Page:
So with that in mind, let’s look at some hypothetical prop bets for the 2018 Bears…

Jordan Howard rushing yards, over/under 999 1/2

Only 17 players since the AFL-NFL merger have rushed for at least 1,000 yards in each of their first three seasons. Jordan Howard will vie to be the 18th after rushing for 1,313 and 1,122 yards in his first two seasons with the Bears. On one hand, his role may change in a new offense with more weapons around him than he’s ever had. On the other hand, 43 percent of Howard’s rushing attempts in 2017 came with eight or more defenders in the box — so having more weapons and a less predictable offense could help him get over that 1,000-yard mark again in 2018. 

More receptions: Allen Robinson and Anthony Miller or the entire Bears 2017 receiver group

Bears receivers combined for 133 receptions last year, while Allen Robinson averaged 76 receptions in 2015-2016 and Anthony Miller averaged 95 1/2 receptions in 2016-2017. This would require some lofty projections for Robinson and Miller — say, 75 catches for Robinson and 59 for Miller — but the Bears didn’t invest so much money and draft capital into those two players for them not to be productive in 2018. 

More receptions/yards: Kevin White in 2018 or Kevin White’s career totals

White enters the final year of his rookie deal with 21 receptions for 193 yards in only five career games, meaning he’ll have to prove in 2018 to not only the Bears but the rest of the NFL he can still be a productive player worthy of a roster spot. The Bears insulated themselves from needing to rely on White’s production in 2018 with the additions of Robinson, Miller, Taylor Gabriel and Trey Burton, but there’s a thought that the new coaching staff could re-invigorate White’s career. If he’s healthy and he’s productive, surpassing his career totals shouldn’t be a problem; but those two things haven’t been a given in his tough-luck time in the NFL.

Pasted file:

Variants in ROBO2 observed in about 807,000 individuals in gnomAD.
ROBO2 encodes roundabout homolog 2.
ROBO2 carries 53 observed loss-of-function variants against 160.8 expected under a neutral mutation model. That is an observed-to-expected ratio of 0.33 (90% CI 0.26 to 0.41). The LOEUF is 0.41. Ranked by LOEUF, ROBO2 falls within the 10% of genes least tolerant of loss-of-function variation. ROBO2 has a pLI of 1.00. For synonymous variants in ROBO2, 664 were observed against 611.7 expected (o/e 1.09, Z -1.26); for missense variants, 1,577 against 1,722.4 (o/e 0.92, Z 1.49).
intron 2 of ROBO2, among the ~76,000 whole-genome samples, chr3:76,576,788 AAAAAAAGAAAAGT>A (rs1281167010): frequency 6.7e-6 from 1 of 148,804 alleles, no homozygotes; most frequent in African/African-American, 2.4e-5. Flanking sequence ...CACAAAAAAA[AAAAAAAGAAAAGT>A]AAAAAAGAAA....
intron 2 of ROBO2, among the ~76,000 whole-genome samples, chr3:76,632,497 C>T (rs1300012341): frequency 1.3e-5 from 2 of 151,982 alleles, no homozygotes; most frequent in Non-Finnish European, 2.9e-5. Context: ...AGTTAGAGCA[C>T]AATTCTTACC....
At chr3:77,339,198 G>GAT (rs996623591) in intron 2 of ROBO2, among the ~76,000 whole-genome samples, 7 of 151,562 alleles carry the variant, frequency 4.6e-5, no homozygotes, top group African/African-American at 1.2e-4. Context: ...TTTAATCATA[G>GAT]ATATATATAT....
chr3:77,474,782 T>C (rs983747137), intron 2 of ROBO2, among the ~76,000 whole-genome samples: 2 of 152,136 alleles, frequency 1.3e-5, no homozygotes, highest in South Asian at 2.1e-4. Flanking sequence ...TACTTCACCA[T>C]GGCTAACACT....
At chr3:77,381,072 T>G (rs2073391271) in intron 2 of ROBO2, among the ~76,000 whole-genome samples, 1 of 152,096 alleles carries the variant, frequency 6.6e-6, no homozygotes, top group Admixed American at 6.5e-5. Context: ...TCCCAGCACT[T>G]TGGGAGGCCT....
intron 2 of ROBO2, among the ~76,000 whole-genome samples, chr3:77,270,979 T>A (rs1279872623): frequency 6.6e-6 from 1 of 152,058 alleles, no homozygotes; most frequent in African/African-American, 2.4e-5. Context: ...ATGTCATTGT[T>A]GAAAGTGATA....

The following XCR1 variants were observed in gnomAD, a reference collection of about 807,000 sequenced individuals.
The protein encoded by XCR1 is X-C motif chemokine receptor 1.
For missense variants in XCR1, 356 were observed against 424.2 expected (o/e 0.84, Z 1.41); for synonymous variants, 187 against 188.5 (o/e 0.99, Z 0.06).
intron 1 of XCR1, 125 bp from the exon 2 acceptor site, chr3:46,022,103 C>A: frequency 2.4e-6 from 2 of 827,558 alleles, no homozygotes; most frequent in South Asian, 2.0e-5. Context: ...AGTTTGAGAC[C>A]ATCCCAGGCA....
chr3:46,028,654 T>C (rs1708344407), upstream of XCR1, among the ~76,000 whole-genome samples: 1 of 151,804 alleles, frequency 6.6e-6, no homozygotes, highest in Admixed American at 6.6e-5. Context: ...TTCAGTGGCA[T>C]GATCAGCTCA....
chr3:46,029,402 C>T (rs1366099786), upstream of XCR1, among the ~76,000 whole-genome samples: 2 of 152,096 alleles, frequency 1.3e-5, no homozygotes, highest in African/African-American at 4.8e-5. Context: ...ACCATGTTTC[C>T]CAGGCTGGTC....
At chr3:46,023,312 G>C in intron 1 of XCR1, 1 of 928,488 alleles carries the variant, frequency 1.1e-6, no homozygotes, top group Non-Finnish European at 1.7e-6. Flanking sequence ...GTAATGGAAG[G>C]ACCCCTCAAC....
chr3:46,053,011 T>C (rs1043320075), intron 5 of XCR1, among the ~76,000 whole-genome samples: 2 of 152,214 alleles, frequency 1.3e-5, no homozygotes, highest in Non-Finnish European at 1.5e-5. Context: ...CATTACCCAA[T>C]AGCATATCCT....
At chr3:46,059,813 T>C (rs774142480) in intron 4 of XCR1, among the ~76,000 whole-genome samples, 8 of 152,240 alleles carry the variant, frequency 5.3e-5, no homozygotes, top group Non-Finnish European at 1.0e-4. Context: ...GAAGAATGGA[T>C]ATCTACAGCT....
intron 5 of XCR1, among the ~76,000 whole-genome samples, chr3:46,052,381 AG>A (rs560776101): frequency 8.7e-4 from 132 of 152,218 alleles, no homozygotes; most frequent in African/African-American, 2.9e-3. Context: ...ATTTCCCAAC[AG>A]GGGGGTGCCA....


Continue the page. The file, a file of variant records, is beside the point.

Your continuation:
More interceptions: Mitch Trubisky or the Bears’ defense

On the surface, you’d think this is an easy call toward the Bears’ defense, right? Not so much. Trubisky threw seven interceptions last year in an offense that was designed to keep him from making mistakes; the Bears’ defense has intercepted only eight passes in each of the last three seasons. If Trubisky attempts 500 passes and his rookie interception rate of 2.1 percent stays the same, that would give him between 10 and 11 interceptions in 2018. The Bears’ defense needs to find more ways to turn the ball over if it wants to be better, but if it doesn’t, Trubisky could wind up with the higher pick total. 

The higher total for Tarik Cohen: Number of nicknames or number of ways he scores a touchdown

Cohen, also known as “Big Daddy,” “Chicken Salad,” “The Human Joystick” and “Chocolate Badger” notched rushing, receiving, passing and punt returning touchdowns in 2018. Either he adds a new nickname, retires one of them or returns a field goal or kick for a touchdown — or, why not, he finds his way onto the field on defense and has a pick-six. Don't put it past him.